Someone wrote in the other day, “One has to be a fool to read ur blogs (sic), and pay the premium. You have mastered how to con…”
This was the entire message and it was an email sent to the os.me support team but once or twice a year, I login randomly to check if various teams are responsive and courteous in writing back to our users. And so it was, by sheer chance, I came across this email.
It was a tad disturbing to read that email because I thought, how could someone, in mere two lines, beset their discourse with such grammatical oversights, punctuational lapses, and deficiencies in expression? The last malformed sentence simply could not be terminated with an ellipsis but he did exactly that. For a moment, I felt bad for another reason too: this person was calling you, my dear reader, a fool. I’ve always held a much higher opinion of you and how come he allowed this doubt to creep into my otherwise convinced mind. But then again, I also read my own posts, so you and I are in the same boat.
Humor aside, it got me thinking that why don’t we feel the same way about criticism as we do about praise. It feels good when someone praises us, right? Is it because we are narcissistic or egotistic megalomaniacs that we can’t hear enough of our glories? Not quite. In fact, it has hardly anything to do with the evolution of human thought. At least, not in the beginning. For, within moments of being hit with criticism, we are governed by our instincts. Our wisdom helps us in processing that criticism calmly, it aids us in being mindful about our response and so on. But, it doesn’t dictate our visceral reaction to any new information.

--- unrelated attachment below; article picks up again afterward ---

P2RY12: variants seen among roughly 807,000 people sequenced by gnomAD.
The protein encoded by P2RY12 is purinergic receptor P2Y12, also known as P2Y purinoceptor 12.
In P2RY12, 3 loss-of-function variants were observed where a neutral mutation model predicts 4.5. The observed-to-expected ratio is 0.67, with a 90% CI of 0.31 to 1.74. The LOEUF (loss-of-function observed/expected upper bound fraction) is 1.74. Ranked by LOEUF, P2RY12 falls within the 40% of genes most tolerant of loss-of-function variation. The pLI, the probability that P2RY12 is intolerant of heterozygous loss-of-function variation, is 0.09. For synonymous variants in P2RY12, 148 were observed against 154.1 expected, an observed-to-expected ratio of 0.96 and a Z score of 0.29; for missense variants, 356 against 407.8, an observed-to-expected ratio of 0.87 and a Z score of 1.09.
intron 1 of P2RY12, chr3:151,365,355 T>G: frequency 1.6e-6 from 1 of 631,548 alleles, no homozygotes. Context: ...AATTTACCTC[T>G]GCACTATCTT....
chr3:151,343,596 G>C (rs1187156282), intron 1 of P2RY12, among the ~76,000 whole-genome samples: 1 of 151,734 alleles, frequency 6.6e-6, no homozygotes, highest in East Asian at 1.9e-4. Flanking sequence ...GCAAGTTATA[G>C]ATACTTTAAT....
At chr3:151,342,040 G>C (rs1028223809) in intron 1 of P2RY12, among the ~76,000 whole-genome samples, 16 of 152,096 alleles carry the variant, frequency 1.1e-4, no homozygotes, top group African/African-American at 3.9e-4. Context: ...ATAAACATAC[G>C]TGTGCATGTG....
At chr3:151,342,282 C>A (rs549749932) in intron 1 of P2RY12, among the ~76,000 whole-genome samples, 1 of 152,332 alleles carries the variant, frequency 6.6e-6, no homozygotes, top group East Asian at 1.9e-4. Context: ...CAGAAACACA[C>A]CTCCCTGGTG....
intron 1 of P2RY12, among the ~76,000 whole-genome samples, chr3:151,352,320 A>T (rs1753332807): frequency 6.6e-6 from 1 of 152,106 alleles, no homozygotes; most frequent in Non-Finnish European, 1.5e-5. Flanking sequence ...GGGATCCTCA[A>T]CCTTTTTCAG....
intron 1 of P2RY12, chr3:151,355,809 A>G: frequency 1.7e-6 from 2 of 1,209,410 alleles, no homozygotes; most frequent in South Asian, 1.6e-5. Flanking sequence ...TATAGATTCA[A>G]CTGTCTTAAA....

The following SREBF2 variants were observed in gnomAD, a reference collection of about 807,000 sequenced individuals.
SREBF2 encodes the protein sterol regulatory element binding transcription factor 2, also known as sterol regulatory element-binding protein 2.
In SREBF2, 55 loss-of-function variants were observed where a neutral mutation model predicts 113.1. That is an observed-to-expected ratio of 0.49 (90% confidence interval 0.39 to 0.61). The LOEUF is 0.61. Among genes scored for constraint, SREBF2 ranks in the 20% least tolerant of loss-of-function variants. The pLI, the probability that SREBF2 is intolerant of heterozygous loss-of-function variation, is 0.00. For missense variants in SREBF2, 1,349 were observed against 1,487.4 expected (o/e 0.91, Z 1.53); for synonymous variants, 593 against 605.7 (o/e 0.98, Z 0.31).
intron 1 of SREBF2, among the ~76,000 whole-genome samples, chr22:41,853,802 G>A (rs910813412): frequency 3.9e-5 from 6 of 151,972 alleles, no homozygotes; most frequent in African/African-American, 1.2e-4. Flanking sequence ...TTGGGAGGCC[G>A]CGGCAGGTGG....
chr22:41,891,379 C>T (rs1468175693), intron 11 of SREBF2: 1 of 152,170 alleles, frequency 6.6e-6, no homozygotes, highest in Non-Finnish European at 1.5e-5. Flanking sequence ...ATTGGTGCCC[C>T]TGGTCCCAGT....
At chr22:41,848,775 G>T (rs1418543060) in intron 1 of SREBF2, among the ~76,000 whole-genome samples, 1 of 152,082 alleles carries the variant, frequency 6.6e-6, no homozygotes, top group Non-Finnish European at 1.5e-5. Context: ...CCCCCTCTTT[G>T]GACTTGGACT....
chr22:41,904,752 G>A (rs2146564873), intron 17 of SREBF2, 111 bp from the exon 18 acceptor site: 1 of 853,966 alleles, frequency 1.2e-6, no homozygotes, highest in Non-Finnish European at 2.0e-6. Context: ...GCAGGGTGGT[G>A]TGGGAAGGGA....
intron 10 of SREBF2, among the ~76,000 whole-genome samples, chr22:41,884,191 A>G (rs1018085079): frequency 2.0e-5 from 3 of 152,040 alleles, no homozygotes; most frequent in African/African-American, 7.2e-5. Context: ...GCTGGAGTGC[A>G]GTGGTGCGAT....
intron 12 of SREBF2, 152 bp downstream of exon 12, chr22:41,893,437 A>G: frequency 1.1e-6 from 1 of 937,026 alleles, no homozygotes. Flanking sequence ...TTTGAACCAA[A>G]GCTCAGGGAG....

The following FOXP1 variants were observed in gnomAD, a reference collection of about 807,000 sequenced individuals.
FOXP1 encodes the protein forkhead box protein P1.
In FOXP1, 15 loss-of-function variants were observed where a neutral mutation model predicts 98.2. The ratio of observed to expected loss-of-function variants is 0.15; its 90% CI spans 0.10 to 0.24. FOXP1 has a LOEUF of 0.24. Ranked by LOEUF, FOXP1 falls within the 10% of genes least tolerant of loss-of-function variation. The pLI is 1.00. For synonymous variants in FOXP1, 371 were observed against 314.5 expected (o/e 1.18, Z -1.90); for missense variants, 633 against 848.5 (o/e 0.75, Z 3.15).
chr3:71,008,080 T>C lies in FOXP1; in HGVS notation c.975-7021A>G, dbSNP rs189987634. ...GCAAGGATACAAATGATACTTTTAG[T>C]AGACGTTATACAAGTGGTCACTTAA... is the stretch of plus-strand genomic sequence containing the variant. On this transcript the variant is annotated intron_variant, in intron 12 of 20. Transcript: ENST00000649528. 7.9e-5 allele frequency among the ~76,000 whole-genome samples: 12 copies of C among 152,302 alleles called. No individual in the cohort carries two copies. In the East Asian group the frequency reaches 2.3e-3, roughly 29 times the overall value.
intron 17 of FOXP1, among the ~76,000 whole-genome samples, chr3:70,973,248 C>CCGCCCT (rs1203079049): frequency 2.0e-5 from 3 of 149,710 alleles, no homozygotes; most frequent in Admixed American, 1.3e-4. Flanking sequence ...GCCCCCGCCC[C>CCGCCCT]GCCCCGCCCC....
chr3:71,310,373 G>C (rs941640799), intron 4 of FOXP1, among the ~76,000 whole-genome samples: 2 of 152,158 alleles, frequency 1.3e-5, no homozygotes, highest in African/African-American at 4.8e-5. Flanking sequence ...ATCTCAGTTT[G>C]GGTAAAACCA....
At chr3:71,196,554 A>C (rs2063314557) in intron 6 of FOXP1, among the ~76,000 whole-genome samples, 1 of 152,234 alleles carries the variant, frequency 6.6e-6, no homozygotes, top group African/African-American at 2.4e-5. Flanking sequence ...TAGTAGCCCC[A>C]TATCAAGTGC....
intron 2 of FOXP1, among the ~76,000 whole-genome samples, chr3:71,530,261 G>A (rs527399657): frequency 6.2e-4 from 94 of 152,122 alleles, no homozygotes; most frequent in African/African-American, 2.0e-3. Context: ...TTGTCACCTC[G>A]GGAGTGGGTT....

The truth is that we are almost hardwired to feel elated upon hearing our praise. Neuroscientists have found that the same region in our brain lights up upon getting a compliment as it does when we receive a monetary reward.
In other words, neuroscientifically speaking, paise = praise = paise.
That explains why numerous times we put social rewards above financial ones, eg, flashy products or headlines that will get you more attention. Or the phenomenon of TikTok where there was not a dime to be made for the longest while nor any meaningful wisdom but the creators got enormous social validation and compliments. I am not suggesting it’s right or wrong. You are free to choose. Whether it’s wealth, status, fame, liberation or anything else you wish to pursue, you be your own guru. The issue with social validation, however, is the fickle nature of praise, or as I like to call it — the paradox of praise.
The remarkable saint-philosopher Sri Aurobindo was once invited to an elite gathering where the host praised him profusely. Many in the crowd joined in too. Sri Aurobindo, however, didn’t seem pleased at all.
“I am rather worried,” he said upon inquiry. “How will I handle the situation when this praise will turn into criticism one day? That’s because I was Aurobindo earlier. I am Aurobindo now. I’ll be the same tomorrow too. But, the crowd won’t be the same. It will be a different set of people who may or may not understand me. So the slightest of praise worries me.” 1